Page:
Catherine may be one of the most desired girls in Wonderland, and a favorite of the unmarried King of Hearts, but her interests lie elsewhere. A talented baker, all she wants is to open a shop with her best friend. But according to her mother, such a goal is unthinkable for the young woman who could be the next queen.

Then Cath meets Jest, the handsome and mysterious court joker. For the first time, she feels the pull of true attraction. At the risk of offending the king and infuriating her parents, she and Jest enter into an intense, secret courtship. Cath is determined to define her own destiny and fall in love on her terms. But in a land thriving with magic, madness, and monsters, fate has other plans.



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Publication Info
  • Heartless by Marissa Meyer
  • Published by Feiwel & Friends
  • On November 8, 2016
  • Genres: Fantasy, Retelling, Romance
  • Pages: 453 Pages
  • Format: Hardback
Series
  • N/A
Content
  • Kissing
  • Violence

Friendship and Bullies ⇉ GIVEAWAY + Review of The Slithery Shakedown by Tracey Hecht

Monday, April 2, 2018
I love children's books that feature animals even more than I love children's books that feature magic, and that's saying something. I loved them so much growing up that I wanted to become a veterinarian, so I could spend my days with animals. My dreams have since changed, but I still appreciate a good book with animal protagonists.

The Nocturnals books are good books with animal protagonists. I'm delighted to not only share my thoughts on the latest addition to the series but a giveaway of the complete Nocturnals books!


WHAT I LIKED


Everything I Enjoyed About The Moonlight Meeting
I feel very unoriginal here, but it's also a sign that the series has stayed true to what makes it loveable!

  1. Full-colored illustrations that bring the characters and their unique personalities to life.
  2. Lively dialogue.
  3. A book about a group of friends.
  4. Fun facts about the Australian wildlife featured in this book. (Provided at the end.)

Themes of Bravery and Friendship
The Slithery Shakedown teaches good lessons to growing readers. In this installment of the Nocturnals Early Readers, the trio of friends learn what it means to be brave (that it is okay to be both scared and brave), and they provide a role model in standing up for your friends.

Fun Activities & Resources to Expand on the Reading Experience
The Nocturnals website provides resources that expand on the reading experience. The Early Readers website (growandread) has educational guides and book club kit materials. The Nocturnals site, which is intended for older readers (upper elementary and middle school) has some other activities, some of which may be used with younger readers depending on their reading level.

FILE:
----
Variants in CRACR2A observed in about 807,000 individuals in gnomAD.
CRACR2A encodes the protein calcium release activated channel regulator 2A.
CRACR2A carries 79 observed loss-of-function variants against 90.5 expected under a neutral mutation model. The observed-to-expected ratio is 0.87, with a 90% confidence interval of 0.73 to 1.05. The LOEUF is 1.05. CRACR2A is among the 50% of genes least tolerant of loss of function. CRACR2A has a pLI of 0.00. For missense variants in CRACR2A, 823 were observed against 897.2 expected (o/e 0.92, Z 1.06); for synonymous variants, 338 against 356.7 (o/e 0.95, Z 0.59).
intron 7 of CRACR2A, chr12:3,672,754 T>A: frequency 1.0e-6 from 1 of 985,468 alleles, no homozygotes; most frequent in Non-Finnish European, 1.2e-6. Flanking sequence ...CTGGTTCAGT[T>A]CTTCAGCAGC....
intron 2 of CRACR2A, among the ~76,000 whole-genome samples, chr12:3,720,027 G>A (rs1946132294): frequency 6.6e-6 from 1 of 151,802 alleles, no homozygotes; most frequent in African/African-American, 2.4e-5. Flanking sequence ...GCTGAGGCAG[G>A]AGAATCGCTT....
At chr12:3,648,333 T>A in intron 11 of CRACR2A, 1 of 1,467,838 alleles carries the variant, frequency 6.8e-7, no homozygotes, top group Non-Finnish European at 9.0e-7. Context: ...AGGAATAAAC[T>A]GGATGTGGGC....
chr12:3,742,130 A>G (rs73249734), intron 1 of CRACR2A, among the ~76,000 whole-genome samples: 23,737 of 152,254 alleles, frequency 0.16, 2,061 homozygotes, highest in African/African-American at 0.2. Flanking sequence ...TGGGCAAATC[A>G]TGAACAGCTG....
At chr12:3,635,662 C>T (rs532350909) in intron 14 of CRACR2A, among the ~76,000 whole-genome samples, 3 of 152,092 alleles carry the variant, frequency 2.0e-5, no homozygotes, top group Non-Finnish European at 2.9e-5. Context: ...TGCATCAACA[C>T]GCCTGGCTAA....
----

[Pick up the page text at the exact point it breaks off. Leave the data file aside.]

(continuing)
WHAT I DISLIKED


As always, I enjoyed this latest addition to the Nocturnals world. If I would add anything, I would love for the characters to show more complexities. At the moment, they're very much boxed into their type. In reality, we wouldn't be faced with one single problem. There are multiple elements that contribute to our problems. (A simple example would be being a person of color and a woman. Being poor and uneducated would also add to the complexities.)

All that said, this is a very short read, and I expect to see more Nocturnals books come out in the future. I hope to see more of the characters' development in future installments of the Early Readers books!


FINAL THOUGHTS


I love the Nocturnals books and what they bring to young readers, both in entertainment and in educational value. I am looking forward to reading more from Tracey Hecht. I especially love how these books are being used to promote reading. I highly recommend checking out the websites for the educational materials. This is a fun series that I can see bringing together older and younger values. I am saving this book to read with young readers in the future :)

★★★★★


Discover the friendship and humor of the Nocturnals Brigade! In The Slithery Shakedown, three unlikely friends—Tobin, a sweet pangolin, Bismark a loud-mouther sugar glider and Dawn, a serius fox—stand up to a big bully snake. In the process, they find themselves some spec-tac-u-lar snakeskin capes!




GIVEAWAY


Thanks to the publisher, I have a full set of the Nocturnals books for giveaway. I love these books and am delighted to provide the set to one lucky reader!

As the publisher is only able to ship to the United States, you must have a U.S. mailing address to receive your prize.




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This book describes a time when a group of friends stood up for one of their own. I'd like to hear the same from you!

Describe...

  1. A time when you stood up for a friend or family member.
  2. A time when a friend or family member stood up for you.
  3. OR A story you love in which a character stands up for another character.




Publication Info
  • The Slithery Shakedown by Tracey Hecht, illustrated by Josie Yee
  • Published by Fabled Films Press on April 10, 2018
  • Genres: Fantasy
  • Pages: 64 Pages
  • Format: Hardback
Series: The Nocturnals Early Reader
  1. The Moonlight Meeting
  2. The Slithery Shakedown
Content 
  • N/A